The people of Rossport, however, are not lying down in the face of either the multinational or government. Last summer they stopped Shell from carrying out pipeline work. This summer the plan is the same. Safety is not negotiable.
Five years ago when Shell decided to push ahead with this pipeline it was clear it wasn't safe. Five years later, government reports or bullying a small community will not change this fact. It wasn't safe then and it isn't safe now.
Beyond safety, the Shell is ripping us off. Five years ago Shell got the deal of a century when our esteemed leaders gave them the entire gas field and then paid them to build the refinery by giving them massive tax breaks on all their construction work. If it was a rip-off then, it's still a rip-off now.
Shell are aware that they face a very strong campaign and so have been sending out fancy leaflets all across Mayo telling people how safe the pipeline is. They are getting ready for a big push to have it built this spring.
The local Campaign is also preparing too. Last autumn a delegation went to Norway to successfully publicise the complicity of Statoil, who own the second largest stake in the field.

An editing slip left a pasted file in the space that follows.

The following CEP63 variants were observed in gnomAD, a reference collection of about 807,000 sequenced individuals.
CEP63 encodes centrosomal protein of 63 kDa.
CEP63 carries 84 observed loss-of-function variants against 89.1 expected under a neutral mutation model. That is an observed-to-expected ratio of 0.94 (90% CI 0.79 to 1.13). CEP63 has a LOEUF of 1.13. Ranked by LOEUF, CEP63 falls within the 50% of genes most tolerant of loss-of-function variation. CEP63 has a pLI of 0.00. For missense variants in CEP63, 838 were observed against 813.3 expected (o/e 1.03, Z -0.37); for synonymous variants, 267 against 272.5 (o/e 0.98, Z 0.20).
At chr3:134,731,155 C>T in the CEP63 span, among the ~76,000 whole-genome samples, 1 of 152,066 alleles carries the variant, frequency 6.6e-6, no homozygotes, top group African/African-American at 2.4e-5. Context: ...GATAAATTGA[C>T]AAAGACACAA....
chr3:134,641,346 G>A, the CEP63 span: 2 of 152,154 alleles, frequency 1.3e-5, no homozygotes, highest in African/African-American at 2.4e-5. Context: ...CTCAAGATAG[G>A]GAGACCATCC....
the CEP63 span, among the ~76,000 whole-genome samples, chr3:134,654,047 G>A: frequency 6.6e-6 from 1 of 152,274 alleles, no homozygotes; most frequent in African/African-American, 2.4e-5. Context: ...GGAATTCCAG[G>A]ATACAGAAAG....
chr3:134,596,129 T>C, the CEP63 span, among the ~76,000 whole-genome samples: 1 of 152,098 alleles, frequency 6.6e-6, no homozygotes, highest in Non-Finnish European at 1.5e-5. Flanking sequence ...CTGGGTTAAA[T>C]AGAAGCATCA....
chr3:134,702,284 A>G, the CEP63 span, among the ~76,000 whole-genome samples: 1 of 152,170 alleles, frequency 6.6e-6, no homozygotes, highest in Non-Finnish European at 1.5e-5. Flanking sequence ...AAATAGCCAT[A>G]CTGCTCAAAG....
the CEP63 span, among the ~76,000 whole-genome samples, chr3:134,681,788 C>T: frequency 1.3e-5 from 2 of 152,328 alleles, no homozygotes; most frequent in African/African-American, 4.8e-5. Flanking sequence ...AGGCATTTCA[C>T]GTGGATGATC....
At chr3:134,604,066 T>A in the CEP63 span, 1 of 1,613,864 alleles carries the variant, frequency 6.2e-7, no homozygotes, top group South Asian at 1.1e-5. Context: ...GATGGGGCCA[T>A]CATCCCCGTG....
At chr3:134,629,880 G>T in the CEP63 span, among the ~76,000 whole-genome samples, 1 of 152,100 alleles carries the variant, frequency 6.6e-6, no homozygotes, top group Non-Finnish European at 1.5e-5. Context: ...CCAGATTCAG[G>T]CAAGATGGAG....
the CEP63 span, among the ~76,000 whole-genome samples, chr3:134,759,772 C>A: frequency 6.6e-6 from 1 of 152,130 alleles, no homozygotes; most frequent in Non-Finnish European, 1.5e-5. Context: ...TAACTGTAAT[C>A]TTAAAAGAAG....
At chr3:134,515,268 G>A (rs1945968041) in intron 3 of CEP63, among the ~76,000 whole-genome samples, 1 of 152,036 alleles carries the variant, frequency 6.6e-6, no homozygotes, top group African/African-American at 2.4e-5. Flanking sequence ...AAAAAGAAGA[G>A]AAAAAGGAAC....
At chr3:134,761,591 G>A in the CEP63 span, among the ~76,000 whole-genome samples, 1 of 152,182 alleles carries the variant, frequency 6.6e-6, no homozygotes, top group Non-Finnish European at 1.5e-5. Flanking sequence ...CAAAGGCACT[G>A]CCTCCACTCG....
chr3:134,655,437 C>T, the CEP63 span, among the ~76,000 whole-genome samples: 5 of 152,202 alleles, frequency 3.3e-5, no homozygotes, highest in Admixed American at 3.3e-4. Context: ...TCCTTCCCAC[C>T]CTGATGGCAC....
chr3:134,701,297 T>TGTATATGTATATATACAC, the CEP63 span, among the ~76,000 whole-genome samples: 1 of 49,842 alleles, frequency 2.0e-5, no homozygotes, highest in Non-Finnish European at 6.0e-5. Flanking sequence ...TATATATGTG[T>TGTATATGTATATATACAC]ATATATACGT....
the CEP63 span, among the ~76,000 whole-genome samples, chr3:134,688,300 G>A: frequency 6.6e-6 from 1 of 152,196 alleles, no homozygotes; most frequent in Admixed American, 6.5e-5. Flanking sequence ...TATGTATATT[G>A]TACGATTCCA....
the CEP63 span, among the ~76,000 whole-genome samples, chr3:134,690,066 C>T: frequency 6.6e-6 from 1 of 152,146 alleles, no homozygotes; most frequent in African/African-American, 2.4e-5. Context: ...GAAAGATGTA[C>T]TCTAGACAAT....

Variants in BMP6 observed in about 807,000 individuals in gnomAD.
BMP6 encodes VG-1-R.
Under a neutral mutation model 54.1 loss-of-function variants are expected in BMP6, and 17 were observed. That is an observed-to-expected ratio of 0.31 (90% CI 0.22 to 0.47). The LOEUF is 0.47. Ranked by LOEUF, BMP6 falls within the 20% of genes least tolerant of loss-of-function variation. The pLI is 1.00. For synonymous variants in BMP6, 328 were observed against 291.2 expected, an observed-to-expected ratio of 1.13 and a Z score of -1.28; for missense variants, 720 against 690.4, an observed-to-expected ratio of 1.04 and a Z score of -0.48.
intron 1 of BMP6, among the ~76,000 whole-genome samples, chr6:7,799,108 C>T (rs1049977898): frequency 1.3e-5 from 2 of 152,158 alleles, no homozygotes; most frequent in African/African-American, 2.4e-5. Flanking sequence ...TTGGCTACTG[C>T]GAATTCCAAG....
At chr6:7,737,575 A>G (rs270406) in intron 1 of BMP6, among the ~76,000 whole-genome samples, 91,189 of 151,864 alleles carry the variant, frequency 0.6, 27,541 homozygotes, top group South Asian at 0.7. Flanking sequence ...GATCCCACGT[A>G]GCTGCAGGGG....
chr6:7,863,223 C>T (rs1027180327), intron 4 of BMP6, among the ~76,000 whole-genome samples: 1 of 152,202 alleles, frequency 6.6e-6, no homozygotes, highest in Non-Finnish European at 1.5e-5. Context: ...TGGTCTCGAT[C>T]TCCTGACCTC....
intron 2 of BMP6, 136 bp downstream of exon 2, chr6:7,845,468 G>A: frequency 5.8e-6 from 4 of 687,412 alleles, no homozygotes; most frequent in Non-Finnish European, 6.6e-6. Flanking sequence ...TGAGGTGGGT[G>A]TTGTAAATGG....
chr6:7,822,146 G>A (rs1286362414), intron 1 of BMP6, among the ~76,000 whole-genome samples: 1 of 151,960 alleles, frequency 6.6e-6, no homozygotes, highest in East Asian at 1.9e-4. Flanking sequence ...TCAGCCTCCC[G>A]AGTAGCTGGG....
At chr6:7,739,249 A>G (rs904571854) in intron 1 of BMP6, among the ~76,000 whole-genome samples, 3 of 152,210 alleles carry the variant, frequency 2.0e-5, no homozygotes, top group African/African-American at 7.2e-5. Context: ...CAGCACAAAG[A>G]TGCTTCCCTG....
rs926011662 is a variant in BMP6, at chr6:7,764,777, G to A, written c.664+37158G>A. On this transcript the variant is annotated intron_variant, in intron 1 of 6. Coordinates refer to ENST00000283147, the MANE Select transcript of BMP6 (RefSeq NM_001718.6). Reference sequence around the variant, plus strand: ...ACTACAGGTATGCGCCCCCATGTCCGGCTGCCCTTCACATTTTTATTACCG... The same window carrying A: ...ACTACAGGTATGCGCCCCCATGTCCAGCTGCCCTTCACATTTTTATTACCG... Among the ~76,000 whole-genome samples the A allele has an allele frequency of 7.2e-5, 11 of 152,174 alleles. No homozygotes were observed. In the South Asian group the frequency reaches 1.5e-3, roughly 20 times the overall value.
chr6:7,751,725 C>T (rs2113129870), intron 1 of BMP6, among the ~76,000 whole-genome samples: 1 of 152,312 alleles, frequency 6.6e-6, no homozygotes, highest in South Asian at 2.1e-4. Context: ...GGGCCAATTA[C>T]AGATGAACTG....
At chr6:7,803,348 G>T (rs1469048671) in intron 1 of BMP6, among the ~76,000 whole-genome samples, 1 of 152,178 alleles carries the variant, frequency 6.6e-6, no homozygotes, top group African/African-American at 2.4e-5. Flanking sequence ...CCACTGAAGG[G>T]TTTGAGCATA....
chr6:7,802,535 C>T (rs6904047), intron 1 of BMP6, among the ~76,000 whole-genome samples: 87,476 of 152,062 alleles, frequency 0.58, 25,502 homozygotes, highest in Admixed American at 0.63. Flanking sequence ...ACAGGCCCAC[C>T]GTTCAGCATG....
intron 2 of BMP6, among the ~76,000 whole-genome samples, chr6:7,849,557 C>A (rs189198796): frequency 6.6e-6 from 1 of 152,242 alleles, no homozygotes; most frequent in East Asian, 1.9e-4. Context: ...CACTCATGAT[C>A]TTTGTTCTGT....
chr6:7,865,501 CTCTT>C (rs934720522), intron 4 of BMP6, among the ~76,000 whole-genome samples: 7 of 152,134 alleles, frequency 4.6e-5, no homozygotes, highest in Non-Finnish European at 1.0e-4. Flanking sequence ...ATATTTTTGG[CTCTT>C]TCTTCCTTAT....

At the moment there are several people preparing a camp site in Mayo to facilitate people who want to go and show solidarity. The camp is opening on February 25th and is for all interested in showing solidarity with the people of Rossport.
In this sparsely populated area the campers will help with the continuous picket which makes sure that Shell don't start their pipelaying. If you have a few days to spare, come to Mayo and help with the blockades. If you can't get to Mayo, you can get in touch with your local 'Shell to Sea' group.
For more information about the camp contact Bob 0863201612. http:// www.shelltosea.com read more

royaldutchshellplc.com and its sister websites royaldutchshellgroup.com, shellenergy.website, shellnazihistory.com, royaldutchshell.website, johndonovan.website, shellnews.net and shell2004.com are all owned by John Donovan. There is also a Wikipedia article.